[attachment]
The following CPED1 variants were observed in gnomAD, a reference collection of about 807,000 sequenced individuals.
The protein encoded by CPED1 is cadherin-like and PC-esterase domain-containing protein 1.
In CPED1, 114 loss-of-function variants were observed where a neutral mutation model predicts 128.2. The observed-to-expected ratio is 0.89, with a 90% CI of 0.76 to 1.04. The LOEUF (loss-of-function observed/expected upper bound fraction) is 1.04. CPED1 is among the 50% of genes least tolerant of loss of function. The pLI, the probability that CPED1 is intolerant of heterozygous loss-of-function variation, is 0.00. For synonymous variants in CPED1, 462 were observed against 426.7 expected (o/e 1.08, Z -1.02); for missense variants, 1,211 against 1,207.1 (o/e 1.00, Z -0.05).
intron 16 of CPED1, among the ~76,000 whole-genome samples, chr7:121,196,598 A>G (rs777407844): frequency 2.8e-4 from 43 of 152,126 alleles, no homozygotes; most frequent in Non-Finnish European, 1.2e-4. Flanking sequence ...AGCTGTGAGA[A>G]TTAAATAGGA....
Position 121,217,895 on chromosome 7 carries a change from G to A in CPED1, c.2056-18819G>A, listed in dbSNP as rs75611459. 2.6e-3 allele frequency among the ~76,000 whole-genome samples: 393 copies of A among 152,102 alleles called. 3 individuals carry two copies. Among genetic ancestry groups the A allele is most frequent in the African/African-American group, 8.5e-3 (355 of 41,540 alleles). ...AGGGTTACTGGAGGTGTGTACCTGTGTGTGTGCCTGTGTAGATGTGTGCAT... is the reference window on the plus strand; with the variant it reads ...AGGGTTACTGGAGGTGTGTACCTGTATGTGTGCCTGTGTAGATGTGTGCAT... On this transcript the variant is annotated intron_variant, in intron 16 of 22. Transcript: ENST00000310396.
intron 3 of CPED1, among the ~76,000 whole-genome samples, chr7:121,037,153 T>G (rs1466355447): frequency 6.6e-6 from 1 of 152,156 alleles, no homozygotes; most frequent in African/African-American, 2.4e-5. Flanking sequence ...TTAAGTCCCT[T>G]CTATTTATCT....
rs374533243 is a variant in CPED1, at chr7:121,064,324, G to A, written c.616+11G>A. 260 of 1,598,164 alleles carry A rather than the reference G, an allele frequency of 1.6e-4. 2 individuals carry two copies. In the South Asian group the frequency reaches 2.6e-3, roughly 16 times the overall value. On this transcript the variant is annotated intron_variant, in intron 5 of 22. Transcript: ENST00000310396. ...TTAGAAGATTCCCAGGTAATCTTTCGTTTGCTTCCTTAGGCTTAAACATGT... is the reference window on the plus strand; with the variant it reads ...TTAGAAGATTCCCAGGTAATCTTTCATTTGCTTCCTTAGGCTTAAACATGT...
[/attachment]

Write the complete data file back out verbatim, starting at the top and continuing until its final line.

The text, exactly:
The following CPED1 variants were observed in gnomAD, a reference collection of about 807,000 sequenced individuals.
The protein encoded by CPED1 is cadherin-like and PC-esterase domain-containing protein 1.
In CPED1, 114 loss-of-function variants were observed where a neutral mutation model predicts 128.2. The observed-to-expected ratio is 0.89, with a 90% CI of 0.76 to 1.04. The LOEUF (loss-of-function observed/expected upper bound fraction) is 1.04. CPED1 is among the 50% of genes least tolerant of loss of function. The pLI, the probability that CPED1 is intolerant of heterozygous loss-of-function variation, is 0.00. For synonymous variants in CPED1, 462 were observed against 426.7 expected (o/e 1.08, Z -1.02); for missense variants, 1,211 against 1,207.1 (o/e 1.00, Z -0.05).
intron 16 of CPED1, among the ~76,000 whole-genome samples, chr7:121,196,598 A>G (rs777407844): frequency 2.8e-4 from 43 of 152,126 alleles, no homozygotes; most frequent in Non-Finnish European, 1.2e-4. Flanking sequence ...AGCTGTGAGA[A>G]TTAAATAGGA....
Position 121,217,895 on chromosome 7 carries a change from G to A in CPED1, c.2056-18819G>A, listed in dbSNP as rs75611459. 2.6e-3 allele frequency among the ~76,000 whole-genome samples: 393 copies of A among 152,102 alleles called. 3 individuals carry two copies. Among genetic ancestry groups the A allele is most frequent in the African/African-American group, 8.5e-3 (355 of 41,540 alleles). ...AGGGTTACTGGAGGTGTGTACCTGTGTGTGTGCCTGTGTAGATGTGTGCAT... is the reference window on the plus strand; with the variant it reads ...AGGGTTACTGGAGGTGTGTACCTGTATGTGTGCCTGTGTAGATGTGTGCAT... On this transcript the variant is annotated intron_variant, in intron 16 of 22. Transcript: ENST00000310396.
intron 3 of CPED1, among the ~76,000 whole-genome samples, chr7:121,037,153 T>G (rs1466355447): frequency 6.6e-6 from 1 of 152,156 alleles, no homozygotes; most frequent in African/African-American, 2.4e-5. Flanking sequence ...TTAAGTCCCT[T>G]CTATTTATCT....
rs374533243 is a variant in CPED1, at chr7:121,064,324, G to A, written c.616+11G>A. 260 of 1,598,164 alleles carry A rather than the reference G, an allele frequency of 1.6e-4. 2 individuals carry two copies. In the South Asian group the frequency reaches 2.6e-3, roughly 16 times the overall value. On this transcript the variant is annotated intron_variant, in intron 5 of 22. Transcript: ENST00000310396. ...TTAGAAGATTCCCAGGTAATCTTTCGTTTGCTTCCTTAGGCTTAAACATGT... is the reference window on the plus strand; with the variant it reads ...TTAGAAGATTCCCAGGTAATCTTTCATTTGCTTCCTTAGGCTTAAACATGT...